During a recent interview on Radio Forrest, Thin Lizzy and Black Star Riders lead vocalist, Ricky Warwick, talked about his collaboration with Foo Fighters’ founder Dave Grohl and revealed whether he always rehearses before performing in front of an audience.
The Northern Irish musician and songwriter Ricky Warwick is known for his successful career as the frontman of Black Star Riders and Thin Lizzy. He achieved mainstream success in the ’90s as the frontman for the Scottish hard rock band The Almighty and he has also released several solo albums.
As he has been in the rock scene since the late ’80s, he has had the chance to collaborate with famous rockstars such as Dave Grohl. Although Dave Grohl reached worldwide fame with his career in Nirvana, which he joined in 1990, his popularity increased even more after he founded Foo Fighters in 1994.
In 2019 Ricky Warwick came together with Dave Grohl at the Ronnie James Dio Cancer Foundation. Warwick said that their performance together was not planned at all and they just decided to go for it when Grohl approached Warwick and asked him whether he wants to ‘get up and play.’
Warwick went on to say that they hadn’t rehearsed at all but the reason why that performance was so great was because Dave Grohl ‘has never forgotten the punk–rock thing that he had back up in there.’ He praised Grohl for his humbleness and the fact that although he’s one of the most famous rockstars of all time, he’s still a ‘get in the van guy.’
Warwick went on to say that he didn’t demand anything and just went straight to the drum kit to do his part. He didn’t even move one stand or one drum on the drum kit and just ‘played like his life depended upon it.’ Warwick said that it felt amazing to share the stage with such a great musician who has achieved so many but has remained so humble.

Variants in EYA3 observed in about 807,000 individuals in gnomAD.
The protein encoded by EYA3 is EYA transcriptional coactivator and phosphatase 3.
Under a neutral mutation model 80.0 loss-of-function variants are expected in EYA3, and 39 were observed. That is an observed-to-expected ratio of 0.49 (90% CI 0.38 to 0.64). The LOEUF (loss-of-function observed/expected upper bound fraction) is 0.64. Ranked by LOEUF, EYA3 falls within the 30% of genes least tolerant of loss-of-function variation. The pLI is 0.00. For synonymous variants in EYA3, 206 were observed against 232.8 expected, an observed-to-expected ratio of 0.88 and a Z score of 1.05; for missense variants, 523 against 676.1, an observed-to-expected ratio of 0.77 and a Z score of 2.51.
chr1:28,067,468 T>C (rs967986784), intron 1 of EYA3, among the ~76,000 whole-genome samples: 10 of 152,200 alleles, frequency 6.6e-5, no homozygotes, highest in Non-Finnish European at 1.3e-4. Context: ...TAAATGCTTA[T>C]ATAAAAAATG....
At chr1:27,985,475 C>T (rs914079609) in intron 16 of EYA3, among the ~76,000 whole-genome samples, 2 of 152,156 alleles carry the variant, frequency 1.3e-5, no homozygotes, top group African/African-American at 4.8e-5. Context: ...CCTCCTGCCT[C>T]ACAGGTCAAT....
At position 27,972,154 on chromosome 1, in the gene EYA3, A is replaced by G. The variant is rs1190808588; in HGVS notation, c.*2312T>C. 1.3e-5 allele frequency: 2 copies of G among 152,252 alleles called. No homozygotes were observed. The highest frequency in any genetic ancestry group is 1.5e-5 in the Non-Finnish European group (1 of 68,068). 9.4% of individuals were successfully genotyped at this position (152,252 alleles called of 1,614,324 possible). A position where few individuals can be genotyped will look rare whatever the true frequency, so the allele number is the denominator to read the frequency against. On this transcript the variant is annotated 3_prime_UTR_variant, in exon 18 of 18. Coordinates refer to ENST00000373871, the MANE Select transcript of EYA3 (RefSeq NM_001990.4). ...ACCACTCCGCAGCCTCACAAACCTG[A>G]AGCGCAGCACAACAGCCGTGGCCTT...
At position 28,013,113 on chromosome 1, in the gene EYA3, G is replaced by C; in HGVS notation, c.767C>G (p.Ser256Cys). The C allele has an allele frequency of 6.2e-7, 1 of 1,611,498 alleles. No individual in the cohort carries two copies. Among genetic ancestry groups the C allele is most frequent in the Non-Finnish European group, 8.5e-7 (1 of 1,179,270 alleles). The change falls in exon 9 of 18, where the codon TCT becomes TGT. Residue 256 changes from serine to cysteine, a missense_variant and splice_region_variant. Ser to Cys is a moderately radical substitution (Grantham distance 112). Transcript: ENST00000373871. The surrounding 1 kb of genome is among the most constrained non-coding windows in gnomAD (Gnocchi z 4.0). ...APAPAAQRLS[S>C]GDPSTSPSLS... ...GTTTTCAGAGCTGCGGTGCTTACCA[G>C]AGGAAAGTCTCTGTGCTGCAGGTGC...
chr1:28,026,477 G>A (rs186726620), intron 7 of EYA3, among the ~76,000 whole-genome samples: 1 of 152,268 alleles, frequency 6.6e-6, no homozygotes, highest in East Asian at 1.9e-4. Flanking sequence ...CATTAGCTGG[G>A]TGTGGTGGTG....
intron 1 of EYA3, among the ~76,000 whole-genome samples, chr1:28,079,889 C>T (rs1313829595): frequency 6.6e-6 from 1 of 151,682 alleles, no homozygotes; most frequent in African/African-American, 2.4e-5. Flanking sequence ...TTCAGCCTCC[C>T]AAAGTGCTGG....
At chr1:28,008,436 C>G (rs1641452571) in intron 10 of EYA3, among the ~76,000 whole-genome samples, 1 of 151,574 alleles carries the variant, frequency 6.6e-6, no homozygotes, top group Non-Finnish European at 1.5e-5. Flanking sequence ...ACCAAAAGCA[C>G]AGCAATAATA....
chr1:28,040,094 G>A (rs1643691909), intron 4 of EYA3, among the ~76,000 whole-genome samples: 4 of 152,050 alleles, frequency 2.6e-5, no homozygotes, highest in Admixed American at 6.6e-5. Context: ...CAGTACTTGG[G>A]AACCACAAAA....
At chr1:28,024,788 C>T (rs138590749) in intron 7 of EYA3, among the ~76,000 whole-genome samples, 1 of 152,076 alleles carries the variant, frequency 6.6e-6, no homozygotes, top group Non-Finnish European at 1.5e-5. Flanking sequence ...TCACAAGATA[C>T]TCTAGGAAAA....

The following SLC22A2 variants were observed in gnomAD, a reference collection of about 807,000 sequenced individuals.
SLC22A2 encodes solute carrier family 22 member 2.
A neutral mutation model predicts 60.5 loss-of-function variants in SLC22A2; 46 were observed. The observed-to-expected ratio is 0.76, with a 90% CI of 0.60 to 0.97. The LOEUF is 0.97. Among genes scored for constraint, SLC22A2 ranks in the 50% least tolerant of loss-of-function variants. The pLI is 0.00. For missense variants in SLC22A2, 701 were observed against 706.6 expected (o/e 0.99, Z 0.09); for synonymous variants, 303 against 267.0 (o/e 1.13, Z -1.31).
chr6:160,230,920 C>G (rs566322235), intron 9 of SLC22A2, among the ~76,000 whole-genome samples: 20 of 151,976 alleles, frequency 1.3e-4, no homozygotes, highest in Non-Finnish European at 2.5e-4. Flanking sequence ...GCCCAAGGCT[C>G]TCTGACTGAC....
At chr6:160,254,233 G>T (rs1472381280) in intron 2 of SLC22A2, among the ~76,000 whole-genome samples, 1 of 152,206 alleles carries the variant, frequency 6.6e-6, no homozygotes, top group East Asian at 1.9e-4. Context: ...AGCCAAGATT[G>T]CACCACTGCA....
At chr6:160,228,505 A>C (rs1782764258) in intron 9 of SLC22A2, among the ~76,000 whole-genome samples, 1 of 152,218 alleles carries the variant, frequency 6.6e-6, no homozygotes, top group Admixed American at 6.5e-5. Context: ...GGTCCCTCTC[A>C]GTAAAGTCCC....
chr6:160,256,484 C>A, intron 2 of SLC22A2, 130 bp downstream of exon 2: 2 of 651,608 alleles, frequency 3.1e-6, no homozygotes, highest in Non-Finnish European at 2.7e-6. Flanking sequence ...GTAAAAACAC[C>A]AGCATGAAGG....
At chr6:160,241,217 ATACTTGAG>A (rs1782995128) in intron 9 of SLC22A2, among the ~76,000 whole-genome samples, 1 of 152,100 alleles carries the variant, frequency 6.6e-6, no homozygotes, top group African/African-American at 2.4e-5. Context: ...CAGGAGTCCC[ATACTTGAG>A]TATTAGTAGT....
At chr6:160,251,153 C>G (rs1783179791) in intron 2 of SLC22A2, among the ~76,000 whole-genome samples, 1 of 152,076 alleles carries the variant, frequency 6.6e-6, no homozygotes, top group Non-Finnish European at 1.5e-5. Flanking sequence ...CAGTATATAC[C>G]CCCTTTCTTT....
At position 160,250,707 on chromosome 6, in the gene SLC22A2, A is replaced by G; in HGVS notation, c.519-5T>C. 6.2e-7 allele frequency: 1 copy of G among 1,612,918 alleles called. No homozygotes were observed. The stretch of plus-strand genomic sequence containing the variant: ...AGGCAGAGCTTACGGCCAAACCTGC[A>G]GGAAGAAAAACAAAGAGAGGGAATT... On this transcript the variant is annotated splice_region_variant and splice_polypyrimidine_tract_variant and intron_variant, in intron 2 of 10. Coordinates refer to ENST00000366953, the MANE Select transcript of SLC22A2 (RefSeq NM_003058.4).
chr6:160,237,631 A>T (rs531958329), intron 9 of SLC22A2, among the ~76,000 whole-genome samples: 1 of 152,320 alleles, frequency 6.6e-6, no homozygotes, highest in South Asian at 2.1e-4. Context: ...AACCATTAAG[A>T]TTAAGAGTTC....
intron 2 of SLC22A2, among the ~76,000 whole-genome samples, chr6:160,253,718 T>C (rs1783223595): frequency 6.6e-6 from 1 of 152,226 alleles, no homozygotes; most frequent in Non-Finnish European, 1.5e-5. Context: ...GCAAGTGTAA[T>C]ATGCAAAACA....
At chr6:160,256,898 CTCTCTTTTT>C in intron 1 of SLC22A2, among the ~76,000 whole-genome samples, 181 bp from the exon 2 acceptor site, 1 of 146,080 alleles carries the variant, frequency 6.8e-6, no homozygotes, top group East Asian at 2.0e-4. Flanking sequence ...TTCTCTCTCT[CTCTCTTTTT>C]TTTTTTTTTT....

Here’s what Ricky Warwick said in his recent interview when asked about the time he shared the stage with Dave Grohl:
“The Dave Grohl thing was at the Ronnie James Dio Cancer Foundation. I’ve met Dave a couple of times, but we vaguely knew each other, he just turned up that day and he was like, ‘Hey, you want to get up and play?’ ‘OK.’
We hadn’t rehearsed – we didn‘t do any rehearsal at all, we just got together at the side of the stage. He’s never forgotten the punk-rock thing that he had back up in there, he’s still a ‘get in the van‘ guy.
He didn’t demand anything. We just shared a drum kit with so many artists playing that day, and he didn’t move one stand or one drum on that drum kit. He got up and played like his life depended upon it, and that’s the mark of the guy, and it was incredible being on stage with who was behind that drum kit, it was something else.”